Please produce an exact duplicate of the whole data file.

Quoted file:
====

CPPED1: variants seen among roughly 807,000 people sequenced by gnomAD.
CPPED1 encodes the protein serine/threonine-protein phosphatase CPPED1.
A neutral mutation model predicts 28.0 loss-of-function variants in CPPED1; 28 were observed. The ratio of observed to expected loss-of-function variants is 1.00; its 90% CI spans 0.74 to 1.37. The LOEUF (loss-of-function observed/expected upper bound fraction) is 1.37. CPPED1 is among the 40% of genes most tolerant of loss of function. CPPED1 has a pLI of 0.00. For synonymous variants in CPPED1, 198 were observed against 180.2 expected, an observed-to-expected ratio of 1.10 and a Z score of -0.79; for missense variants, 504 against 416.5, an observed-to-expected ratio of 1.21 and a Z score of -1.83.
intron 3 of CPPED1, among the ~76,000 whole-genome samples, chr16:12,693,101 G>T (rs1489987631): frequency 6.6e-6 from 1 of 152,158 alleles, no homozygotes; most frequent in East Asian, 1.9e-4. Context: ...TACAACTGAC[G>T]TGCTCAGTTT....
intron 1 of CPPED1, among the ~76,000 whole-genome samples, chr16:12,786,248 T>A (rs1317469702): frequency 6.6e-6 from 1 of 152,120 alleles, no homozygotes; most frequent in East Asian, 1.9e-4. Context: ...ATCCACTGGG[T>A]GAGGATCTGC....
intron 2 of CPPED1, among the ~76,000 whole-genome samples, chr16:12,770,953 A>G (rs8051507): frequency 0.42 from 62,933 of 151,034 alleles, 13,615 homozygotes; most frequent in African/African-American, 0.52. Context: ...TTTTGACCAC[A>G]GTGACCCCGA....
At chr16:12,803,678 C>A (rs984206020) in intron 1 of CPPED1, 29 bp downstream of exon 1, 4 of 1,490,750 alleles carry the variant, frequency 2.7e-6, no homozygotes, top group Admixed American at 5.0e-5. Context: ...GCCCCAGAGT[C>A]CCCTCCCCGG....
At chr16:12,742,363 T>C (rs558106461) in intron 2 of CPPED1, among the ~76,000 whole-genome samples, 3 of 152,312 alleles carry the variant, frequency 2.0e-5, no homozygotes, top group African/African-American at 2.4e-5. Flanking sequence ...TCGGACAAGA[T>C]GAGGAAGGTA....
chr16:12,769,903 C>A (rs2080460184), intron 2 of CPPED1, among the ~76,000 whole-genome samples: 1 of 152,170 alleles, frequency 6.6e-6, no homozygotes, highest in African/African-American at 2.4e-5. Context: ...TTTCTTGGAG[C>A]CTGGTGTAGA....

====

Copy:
CPPED1: variants seen among roughly 807,000 people sequenced by gnomAD.
CPPED1 encodes the protein serine/threonine-protein phosphatase CPPED1.
A neutral mutation model predicts 28.0 loss-of-function variants in CPPED1; 28 were observed. The ratio of observed to expected loss-of-function variants is 1.00; its 90% CI spans 0.74 to 1.37. The LOEUF (loss-of-function observed/expected upper bound fraction) is 1.37. CPPED1 is among the 40% of genes most tolerant of loss of function. CPPED1 has a pLI of 0.00. For synonymous variants in CPPED1, 198 were observed against 180.2 expected, an observed-to-expected ratio of 1.10 and a Z score of -0.79; for missense variants, 504 against 416.5, an observed-to-expected ratio of 1.21 and a Z score of -1.83.
intron 3 of CPPED1, among the ~76,000 whole-genome samples, chr16:12,693,101 G>T (rs1489987631): frequency 6.6e-6 from 1 of 152,158 alleles, no homozygotes; most frequent in East Asian, 1.9e-4. Context: ...TACAACTGAC[G>T]TGCTCAGTTT....
intron 1 of CPPED1, among the ~76,000 whole-genome samples, chr16:12,786,248 T>A (rs1317469702): frequency 6.6e-6 from 1 of 152,120 alleles, no homozygotes; most frequent in East Asian, 1.9e-4. Context: ...ATCCACTGGG[T>A]GAGGATCTGC....
intron 2 of CPPED1, among the ~76,000 whole-genome samples, chr16:12,770,953 A>G (rs8051507): frequency 0.42 from 62,933 of 151,034 alleles, 13,615 homozygotes; most frequent in African/African-American, 0.52. Context: ...TTTTGACCAC[A>G]GTGACCCCGA....
At chr16:12,803,678 C>A (rs984206020) in intron 1 of CPPED1, 29 bp downstream of exon 1, 4 of 1,490,750 alleles carry the variant, frequency 2.7e-6, no homozygotes, top group Admixed American at 5.0e-5. Context: ...GCCCCAGAGT[C>A]CCCTCCCCGG....
At chr16:12,742,363 T>C (rs558106461) in intron 2 of CPPED1, among the ~76,000 whole-genome samples, 3 of 152,312 alleles carry the variant, frequency 2.0e-5, no homozygotes, top group African/African-American at 2.4e-5. Flanking sequence ...TCGGACAAGA[T>C]GAGGAAGGTA....
chr16:12,769,903 C>A (rs2080460184), intron 2 of CPPED1, among the ~76,000 whole-genome samples: 1 of 152,170 alleles, frequency 6.6e-6, no homozygotes, highest in African/African-American at 2.4e-5. Context: ...TTTCTTGGAG[C>A]CTGGTGTAGA....